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‘Black brain drain’: WC vows to do more to retain talent

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It is unfortunate when young and talented people make the decision to leave the Western Cape, according to Western Cape Minister of Economic Opportunities Alan Winde.

He responded to a request by Fin24 for views on the experience of Tinyiko Ngwenya, an investment professional who made headlines after sharing her views on why she left Cape Town for Johannesburg.

Ngwenya said no matter how hard she worked, she never really felt good enough. She felt inferior as a result of being “a minority”.

“In my workplace where I spent most of my time, I would only hear Afrikaans and English. Granted, there were a few Xhosa-speaking colleagues, but not one person to whom I could speak my home language, Tsonga,” she said in her opinion piece which was originally posted on LinkedIn.

“The beauty of Johannesburg is that when you walk in a mall, you’re guaranteed to hear at least four South African languages being spoken, if not more.”

Winde told Fin24 that the Western Cape has a lot to offer and currently has the lowest unemployment rate in the country. He pointed out that the financial services sector – the sector in which Ngwenya works – showed year-on-year growth of 15% in the Western Cape in job creation, compared with a 7% decline in Johannesburg.

“Ms Ngwenya’s alma mater, the University of Cape Town (UCT) has also just overtaken Wits university as the top university in the country in the world university rankings,” said Winde.

“However, she cites her personal experiences in Cape Town and the corporate environment as one of the major factors which influenced her decision. For the Western Cape to continue to grow and develop, we need to be able to retain skills, and employers across the board need to be reflective of the demographics and diversity of the country.”

Attracting skills

He said the Western Cape government wants the province to be viewed as a choice region to work in order to be able to attract skills and entrepreneurs and to build the economy and create new jobs.

“We encourage the discussion around these issues that are prevalent in places of work and play. The entire South African financial [services] sector has come under the microscope in recent years for its slow pace of transformation,” said Winde.

“We know that other sectors have also been slow to transform. We hope that people like Ms Ngwenya who have left the province, will one day feel comfortable enough to return to where their skills and their ability to mentor young entrants into the job market, to ensure that all sectors are able to transform, will be put to good use.”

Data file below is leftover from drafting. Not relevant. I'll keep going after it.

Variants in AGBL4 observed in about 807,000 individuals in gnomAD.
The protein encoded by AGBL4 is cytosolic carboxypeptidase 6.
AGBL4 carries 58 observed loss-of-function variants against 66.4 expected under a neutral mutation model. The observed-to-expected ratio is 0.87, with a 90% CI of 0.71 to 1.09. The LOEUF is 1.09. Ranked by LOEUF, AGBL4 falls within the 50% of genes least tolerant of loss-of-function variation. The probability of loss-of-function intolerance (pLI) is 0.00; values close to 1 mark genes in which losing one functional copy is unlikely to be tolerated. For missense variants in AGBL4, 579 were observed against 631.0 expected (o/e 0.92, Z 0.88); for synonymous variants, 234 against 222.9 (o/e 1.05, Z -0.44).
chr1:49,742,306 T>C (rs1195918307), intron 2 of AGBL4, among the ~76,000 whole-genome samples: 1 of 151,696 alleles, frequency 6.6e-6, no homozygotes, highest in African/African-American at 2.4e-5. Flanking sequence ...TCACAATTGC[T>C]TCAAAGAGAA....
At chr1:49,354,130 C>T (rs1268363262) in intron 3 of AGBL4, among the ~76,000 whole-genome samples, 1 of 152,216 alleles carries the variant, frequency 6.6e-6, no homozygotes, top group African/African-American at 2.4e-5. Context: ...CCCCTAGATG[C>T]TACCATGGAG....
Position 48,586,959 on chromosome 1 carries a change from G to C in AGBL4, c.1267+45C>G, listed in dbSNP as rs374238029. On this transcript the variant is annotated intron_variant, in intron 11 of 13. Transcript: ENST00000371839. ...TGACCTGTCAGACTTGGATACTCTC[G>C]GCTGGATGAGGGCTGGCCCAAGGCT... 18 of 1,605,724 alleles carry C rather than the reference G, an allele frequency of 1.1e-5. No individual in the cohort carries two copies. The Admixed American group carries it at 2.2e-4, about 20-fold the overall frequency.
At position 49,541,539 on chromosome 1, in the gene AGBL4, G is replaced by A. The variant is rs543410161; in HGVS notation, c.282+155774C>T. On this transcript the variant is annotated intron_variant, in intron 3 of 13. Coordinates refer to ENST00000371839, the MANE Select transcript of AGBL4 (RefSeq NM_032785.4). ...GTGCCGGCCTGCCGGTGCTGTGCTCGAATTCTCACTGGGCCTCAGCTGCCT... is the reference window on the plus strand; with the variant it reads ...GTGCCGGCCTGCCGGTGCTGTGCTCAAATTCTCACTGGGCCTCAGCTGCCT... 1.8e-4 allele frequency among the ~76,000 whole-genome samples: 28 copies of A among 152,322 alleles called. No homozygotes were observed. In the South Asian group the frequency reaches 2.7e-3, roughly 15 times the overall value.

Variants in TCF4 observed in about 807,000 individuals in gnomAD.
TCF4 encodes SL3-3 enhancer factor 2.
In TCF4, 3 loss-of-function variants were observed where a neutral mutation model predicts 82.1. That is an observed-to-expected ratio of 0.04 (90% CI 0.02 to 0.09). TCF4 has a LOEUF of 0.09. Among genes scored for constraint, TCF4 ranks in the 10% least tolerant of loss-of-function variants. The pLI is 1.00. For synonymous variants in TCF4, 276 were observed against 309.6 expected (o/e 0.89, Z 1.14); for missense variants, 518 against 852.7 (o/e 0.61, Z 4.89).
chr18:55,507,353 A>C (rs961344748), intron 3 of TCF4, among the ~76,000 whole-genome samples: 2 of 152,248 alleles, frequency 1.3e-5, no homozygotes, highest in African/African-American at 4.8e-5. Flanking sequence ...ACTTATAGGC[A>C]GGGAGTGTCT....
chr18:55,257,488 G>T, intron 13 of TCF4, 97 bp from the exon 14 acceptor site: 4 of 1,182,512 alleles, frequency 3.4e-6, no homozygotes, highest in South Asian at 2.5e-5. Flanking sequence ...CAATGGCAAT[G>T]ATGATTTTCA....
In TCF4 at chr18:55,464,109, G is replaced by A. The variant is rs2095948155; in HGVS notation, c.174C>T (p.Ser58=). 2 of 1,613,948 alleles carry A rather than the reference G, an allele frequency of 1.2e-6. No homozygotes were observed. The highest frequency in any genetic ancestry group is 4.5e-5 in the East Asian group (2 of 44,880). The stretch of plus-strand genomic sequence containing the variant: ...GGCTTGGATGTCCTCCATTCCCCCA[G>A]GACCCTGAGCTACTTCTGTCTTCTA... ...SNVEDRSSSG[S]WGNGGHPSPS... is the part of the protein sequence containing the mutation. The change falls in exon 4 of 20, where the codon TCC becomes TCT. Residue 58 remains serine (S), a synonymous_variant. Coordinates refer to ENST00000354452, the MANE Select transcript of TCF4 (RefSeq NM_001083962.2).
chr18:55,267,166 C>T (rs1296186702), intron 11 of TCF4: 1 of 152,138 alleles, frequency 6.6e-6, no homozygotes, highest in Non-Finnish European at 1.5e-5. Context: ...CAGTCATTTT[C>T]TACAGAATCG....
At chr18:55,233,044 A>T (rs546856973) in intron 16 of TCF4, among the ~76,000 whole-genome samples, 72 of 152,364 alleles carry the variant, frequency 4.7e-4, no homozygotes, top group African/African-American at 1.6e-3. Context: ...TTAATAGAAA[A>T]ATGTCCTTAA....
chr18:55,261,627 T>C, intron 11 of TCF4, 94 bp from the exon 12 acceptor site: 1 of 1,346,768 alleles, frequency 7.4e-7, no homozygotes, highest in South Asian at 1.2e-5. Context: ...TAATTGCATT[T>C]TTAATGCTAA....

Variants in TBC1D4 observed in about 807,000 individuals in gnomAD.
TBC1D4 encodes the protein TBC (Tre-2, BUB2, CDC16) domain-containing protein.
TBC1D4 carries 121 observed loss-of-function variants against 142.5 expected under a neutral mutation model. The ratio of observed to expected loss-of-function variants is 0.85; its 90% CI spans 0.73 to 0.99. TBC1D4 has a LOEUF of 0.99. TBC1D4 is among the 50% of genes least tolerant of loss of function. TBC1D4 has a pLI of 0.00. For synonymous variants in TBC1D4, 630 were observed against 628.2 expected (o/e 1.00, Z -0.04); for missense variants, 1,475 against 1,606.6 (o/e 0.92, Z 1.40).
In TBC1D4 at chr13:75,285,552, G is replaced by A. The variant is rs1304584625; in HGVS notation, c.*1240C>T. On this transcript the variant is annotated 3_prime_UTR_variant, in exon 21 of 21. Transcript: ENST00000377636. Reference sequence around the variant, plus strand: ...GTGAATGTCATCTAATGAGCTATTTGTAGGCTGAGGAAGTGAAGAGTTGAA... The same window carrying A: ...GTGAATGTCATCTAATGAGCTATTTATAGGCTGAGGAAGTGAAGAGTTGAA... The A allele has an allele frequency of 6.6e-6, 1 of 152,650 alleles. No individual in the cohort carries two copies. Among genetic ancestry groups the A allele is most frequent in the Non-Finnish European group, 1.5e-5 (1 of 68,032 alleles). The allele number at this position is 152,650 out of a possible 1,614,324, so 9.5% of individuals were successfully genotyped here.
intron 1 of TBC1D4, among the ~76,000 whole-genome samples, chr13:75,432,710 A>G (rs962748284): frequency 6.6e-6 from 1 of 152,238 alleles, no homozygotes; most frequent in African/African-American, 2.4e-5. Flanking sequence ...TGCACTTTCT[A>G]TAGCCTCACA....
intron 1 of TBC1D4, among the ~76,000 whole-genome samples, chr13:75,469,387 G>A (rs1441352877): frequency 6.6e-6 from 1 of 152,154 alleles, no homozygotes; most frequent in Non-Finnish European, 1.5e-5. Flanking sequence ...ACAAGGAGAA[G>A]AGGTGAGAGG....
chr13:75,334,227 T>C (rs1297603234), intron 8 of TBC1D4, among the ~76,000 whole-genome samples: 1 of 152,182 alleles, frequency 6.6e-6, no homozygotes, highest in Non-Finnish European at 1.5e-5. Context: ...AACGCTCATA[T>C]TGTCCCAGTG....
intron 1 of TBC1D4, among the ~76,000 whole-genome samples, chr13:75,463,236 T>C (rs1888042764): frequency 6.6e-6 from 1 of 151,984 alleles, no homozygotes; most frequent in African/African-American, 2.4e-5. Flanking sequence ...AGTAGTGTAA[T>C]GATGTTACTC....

Tim Harris, CEO of Wesgro (Cape Town and the Western Cape’s official tourism, trade and investment promotion agency), said Ngwenya’s opinion piece points to a long-standing perception that Cape Town is not welcoming to “outsiders”.

“This is out of step with a Cape Town, that is in my view, one of the most cosmopolitan cities in Africa, where the best and the brightest from across the continent come to study,” said Harris.

“The perception, however, is a risk to our investment goals as a destination: to grow, we must be welcoming to difference – diverse, talented individuals from around the world must be able to call Cape Town their home.”

He has, therefore, tasked Wesgro’s chief business officer Yaw Peprah with further investigating this matter. Peprah will be speaking to young business professionals about their experiences and highlight success stories in individual firms and communities, for others to learn from.

“This dialogue is important to build a positive investment brand for our city and province,” said Harris.

True reflection

Ngwenya’s opinion piece gives a true reflection of what is really happening in the corporate world in Cape Town, according to Arifa Parkar, CEO of the Western Cape Business Opportunities Forum (Wecbof).

She empathises with Ngwenya and regards her opinion piece as powerful and written with care and without remorse from the heart.

“I have been in Cape Town the last 27 years and I know for a fact that I have had to fight all the way to reach my goals. The time I spent at [a business chamber] as the first black woman in a management position in the 197 years of its history speaks for itself,” she told Fin24.

Parkar said it was not an easy journey and she had to fight her way ahead to eventually earn the respect of the “old toppies”.

In her view, Capetonians should seriously think about what can be done about the issue.

“At the rate of the ‘brain drain’ taking place from Cape Town, we will be known as ‘little Europe’ in Africa,” said Parkar.

“I believe we need to start dialogues and not just talk shop, but really talk about what it is that is creating the ‘clicky’ Cape Town attitude and what are the insecurities that are preventing people from just talking and being just human beings first before everything else.”

Parkar said sometimes she feels more at home in Europe than in Cape Town when she talks to a “typical Cape Town crowd of business corporates”.

[Source: Fin24]
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